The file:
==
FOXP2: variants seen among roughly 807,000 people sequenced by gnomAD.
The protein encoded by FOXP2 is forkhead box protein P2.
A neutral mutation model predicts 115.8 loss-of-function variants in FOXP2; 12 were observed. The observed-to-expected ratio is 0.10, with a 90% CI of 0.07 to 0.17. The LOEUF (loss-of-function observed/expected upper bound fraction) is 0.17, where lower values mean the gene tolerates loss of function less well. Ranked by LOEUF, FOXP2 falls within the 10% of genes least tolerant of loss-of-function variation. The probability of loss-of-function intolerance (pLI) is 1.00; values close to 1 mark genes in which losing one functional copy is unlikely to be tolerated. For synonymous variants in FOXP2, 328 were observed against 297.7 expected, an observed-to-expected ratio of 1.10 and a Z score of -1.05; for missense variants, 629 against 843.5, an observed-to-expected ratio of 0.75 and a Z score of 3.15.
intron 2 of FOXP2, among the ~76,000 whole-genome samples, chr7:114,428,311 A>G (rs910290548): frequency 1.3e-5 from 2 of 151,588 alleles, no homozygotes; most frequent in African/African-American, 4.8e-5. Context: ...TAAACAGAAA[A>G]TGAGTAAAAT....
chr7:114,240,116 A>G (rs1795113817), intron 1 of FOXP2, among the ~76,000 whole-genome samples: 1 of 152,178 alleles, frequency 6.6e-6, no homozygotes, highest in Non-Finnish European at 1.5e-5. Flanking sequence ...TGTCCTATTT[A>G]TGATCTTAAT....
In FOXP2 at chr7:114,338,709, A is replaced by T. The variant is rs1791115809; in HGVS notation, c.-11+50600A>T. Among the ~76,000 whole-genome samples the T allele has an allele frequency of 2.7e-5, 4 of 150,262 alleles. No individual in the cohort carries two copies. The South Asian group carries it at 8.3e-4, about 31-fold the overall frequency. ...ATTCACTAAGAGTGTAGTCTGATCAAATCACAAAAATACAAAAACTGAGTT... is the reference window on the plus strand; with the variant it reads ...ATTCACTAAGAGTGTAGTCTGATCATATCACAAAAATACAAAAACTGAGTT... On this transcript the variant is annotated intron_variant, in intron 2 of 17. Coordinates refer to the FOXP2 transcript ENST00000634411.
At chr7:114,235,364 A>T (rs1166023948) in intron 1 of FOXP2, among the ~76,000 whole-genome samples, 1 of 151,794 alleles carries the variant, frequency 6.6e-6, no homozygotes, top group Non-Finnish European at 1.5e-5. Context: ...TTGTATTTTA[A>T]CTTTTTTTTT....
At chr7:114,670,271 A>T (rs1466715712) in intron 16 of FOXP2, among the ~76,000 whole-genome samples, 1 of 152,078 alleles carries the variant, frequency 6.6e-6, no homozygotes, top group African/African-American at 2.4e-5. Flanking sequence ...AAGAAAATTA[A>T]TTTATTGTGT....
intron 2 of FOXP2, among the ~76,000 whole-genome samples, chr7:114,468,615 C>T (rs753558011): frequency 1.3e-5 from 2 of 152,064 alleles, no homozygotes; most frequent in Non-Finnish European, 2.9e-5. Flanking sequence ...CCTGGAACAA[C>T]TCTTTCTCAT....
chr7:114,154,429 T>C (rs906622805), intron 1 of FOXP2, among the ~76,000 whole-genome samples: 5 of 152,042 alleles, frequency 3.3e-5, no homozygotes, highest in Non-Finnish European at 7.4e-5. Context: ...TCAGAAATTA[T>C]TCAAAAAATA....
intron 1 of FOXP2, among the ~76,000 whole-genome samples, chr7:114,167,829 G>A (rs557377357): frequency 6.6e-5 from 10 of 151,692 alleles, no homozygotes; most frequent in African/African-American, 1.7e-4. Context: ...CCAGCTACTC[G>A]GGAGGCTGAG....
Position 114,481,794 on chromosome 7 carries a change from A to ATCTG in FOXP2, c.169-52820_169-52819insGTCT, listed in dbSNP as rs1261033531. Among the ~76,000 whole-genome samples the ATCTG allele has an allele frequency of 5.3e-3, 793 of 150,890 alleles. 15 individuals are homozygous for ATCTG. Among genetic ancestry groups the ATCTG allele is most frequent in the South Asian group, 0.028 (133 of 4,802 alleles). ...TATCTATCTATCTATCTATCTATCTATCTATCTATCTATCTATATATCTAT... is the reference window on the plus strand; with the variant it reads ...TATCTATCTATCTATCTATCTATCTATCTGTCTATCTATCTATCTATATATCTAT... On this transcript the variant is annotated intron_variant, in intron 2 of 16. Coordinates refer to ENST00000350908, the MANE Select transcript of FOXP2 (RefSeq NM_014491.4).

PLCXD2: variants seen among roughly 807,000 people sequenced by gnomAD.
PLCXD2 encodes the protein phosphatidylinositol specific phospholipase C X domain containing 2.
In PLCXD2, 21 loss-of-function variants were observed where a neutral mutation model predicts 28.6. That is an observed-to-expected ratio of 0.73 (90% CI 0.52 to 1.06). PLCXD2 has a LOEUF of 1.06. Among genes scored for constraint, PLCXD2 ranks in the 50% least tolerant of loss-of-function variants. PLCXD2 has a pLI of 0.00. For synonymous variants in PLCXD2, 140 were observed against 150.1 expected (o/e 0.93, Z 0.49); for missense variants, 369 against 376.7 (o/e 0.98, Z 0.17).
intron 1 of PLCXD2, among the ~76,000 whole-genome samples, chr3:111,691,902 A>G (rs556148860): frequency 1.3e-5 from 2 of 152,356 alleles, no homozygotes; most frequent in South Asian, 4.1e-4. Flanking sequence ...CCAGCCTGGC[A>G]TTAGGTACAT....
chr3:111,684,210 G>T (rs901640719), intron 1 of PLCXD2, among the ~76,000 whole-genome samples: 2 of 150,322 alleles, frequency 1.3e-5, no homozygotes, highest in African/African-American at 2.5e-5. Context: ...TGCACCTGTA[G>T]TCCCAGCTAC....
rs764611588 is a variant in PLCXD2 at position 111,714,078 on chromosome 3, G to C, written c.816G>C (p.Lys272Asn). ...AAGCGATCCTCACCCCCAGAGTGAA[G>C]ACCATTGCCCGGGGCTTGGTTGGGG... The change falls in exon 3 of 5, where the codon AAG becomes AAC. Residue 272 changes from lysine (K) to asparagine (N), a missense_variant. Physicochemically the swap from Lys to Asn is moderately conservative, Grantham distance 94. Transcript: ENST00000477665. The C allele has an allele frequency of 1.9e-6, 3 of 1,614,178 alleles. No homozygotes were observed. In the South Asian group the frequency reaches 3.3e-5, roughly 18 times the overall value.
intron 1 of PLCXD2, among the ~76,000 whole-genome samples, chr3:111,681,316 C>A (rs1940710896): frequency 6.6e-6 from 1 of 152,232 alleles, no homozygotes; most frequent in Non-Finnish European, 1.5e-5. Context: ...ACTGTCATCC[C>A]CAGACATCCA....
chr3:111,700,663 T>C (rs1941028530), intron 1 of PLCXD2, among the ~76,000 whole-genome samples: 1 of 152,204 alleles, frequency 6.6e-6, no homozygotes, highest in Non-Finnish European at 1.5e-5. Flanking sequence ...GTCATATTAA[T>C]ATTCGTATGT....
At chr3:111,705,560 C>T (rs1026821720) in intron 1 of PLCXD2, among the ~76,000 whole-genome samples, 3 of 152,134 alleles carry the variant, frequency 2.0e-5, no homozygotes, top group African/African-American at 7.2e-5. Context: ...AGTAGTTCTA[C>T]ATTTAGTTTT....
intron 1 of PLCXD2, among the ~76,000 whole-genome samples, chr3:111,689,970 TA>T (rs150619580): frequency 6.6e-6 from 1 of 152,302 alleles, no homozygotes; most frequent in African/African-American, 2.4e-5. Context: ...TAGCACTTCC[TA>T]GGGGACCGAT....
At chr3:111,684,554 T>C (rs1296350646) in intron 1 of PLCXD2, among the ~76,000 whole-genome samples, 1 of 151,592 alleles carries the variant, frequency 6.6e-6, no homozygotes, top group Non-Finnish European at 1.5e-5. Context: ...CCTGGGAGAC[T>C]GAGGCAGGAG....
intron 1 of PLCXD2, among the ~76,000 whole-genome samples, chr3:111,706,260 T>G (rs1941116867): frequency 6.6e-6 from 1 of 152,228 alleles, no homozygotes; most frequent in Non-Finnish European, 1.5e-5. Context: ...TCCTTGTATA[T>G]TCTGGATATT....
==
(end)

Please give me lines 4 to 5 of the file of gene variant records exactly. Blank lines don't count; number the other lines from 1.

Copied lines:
intron 2 of FOXP2, among the ~76,000 whole-genome samples, chr7:114,428,311 A>G (rs910290548): frequency 1.3e-5 from 2 of 151,588 alleles, no homozygotes; most frequent in African/African-American, 4.8e-5. Context: ...TAAACAGAAA[A>G]TGAGTAAAAT....
chr7:114,240,116 A>G (rs1795113817), intron 1 of FOXP2, among the ~76,000 whole-genome samples: 1 of 152,178 alleles, frequency 6.6e-6, no homozygotes, highest in Non-Finnish European at 1.5e-5. Flanking sequence ...TGTCCTATTT[A>G]TGATCTTAAT....